With top spices, the possibilities are endless. Sage is popular atop cheese and sausage. If you’re a seafood fan, dill complements fish and salads. Bay leaves are used to enhance meals like biryani and adobo. Try celery salt on cooked dishes, sauces, and stews. Despite the name, this spice is unrelated to fresh celery. Made from wild celery seeds, it’s bitter and earthy. No matter which direction you choose, top spices are easy to store and use at a moment’s notice. When it comes to must-have seasoning, the choice is up to you.

Top Spices for Your Kitchen

There are hundreds of spice blends out there, and you don’t always need the most expensive one (read: saffron). Essential spices depend on personal preference. Here are a few basics to help you achieve premium deliciousness. Remember: it’s your pantry!

Crushed Red Pepper 

Versatile and easy to use, this go-to seasoning creates a burst of heat and color. A fabulous companion to Italian cuisine, crushed red pepper also tastes great on avocado toast, eggs, and hummus. Perfect for dry rubs, store this spice between 2 to 3 years for maximum freshness.

Cumin 

Cumin adds depth and complexity to everything from chili to couscous and chicken. An ancient spice originating from Egypt and the Middle East, it’s essential to dishes around the world. Be wary of the amount, as too much cumin can overpower other spices. A member of the parsley family, it’s full of warm, earthy flavors that last up to 6 months in storage. Cumin tastes delicious sprinkled on grilled vegetables with a squeeze of fresh lemon or lime.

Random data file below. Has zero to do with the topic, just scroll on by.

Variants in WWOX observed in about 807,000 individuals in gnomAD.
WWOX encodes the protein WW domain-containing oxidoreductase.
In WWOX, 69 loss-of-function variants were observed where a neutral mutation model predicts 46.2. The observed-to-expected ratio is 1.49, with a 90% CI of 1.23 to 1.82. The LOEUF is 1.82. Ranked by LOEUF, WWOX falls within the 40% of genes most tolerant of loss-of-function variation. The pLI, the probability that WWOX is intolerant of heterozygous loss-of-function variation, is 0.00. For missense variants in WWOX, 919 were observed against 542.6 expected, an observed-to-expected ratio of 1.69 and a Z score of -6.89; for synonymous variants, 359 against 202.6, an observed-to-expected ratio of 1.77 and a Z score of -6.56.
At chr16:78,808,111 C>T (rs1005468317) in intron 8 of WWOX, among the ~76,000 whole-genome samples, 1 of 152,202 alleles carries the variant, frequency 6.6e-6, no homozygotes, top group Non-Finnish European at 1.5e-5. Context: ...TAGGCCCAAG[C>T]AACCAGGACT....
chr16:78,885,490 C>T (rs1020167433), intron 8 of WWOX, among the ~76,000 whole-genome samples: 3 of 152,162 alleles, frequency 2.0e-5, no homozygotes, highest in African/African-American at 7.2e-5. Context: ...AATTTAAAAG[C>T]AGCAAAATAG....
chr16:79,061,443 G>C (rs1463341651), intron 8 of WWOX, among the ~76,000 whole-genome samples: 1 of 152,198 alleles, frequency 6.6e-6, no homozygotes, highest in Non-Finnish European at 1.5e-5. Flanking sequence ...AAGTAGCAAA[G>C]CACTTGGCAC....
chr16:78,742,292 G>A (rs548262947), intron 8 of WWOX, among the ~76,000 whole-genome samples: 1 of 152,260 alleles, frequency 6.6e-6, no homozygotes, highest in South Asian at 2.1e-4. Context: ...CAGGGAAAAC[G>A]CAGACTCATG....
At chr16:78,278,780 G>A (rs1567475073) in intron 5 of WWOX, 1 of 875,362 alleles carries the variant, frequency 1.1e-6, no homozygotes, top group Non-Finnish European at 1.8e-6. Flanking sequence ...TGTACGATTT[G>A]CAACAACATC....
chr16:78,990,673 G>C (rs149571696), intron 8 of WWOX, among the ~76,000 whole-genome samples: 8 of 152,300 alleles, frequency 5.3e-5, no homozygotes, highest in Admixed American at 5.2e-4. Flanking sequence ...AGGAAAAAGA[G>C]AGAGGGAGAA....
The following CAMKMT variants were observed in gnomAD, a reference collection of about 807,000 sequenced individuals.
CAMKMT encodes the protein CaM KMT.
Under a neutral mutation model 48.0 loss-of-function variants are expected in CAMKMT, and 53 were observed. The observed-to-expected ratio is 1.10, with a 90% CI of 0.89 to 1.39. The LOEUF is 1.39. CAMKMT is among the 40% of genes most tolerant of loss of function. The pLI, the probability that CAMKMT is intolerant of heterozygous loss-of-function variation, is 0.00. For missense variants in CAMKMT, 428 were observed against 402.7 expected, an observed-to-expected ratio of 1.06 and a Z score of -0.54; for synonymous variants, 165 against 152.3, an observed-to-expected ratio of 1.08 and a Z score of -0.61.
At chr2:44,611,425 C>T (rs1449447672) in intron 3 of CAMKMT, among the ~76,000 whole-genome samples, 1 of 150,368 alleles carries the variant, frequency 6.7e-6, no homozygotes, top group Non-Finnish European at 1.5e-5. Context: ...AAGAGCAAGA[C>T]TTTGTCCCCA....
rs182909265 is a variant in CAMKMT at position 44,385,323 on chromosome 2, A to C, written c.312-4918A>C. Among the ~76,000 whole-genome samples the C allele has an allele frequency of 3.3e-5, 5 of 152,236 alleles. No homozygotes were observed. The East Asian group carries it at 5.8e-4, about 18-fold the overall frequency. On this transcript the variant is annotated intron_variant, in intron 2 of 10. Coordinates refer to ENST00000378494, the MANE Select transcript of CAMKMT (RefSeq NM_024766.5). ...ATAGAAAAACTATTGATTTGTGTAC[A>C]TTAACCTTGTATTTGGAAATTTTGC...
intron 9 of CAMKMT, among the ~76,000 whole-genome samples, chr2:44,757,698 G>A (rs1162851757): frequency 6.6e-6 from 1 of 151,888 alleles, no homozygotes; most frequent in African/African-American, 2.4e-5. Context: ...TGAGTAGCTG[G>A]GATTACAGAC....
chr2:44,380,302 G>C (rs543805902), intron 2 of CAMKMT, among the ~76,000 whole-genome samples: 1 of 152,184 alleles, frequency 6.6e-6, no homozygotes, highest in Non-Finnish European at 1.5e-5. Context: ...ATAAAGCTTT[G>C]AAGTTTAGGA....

Curry Powder

Curry powder delivers warm, deep flavors with a slight kick of heat. Largely made of turmeric, specific ingredients depend on the brand, from ginger to cinnamon, garlic, cloves, mustard seed, fennel, and black pepper. With high–quality, aromatic spices, this spice is meant for slow– cook recipes. Longer time allows for a better release of flavors. Mix curry powder with liquids, like broth or coconut milk, to infuse the spice’s flavors with other ingredients.

Dry Mustard 

Dry mustard is made of ground mustard seeds. Alone it has no flavor or taste, so this spice must be combined with liquid. Long used in Asian and European cuisine, simply add ground mustard to plain water and let sit for 5–10 minutes to develop flavor. As an alternative, stir this spice with brown sugar and orange juice or apple cider vinegar. 

Paprika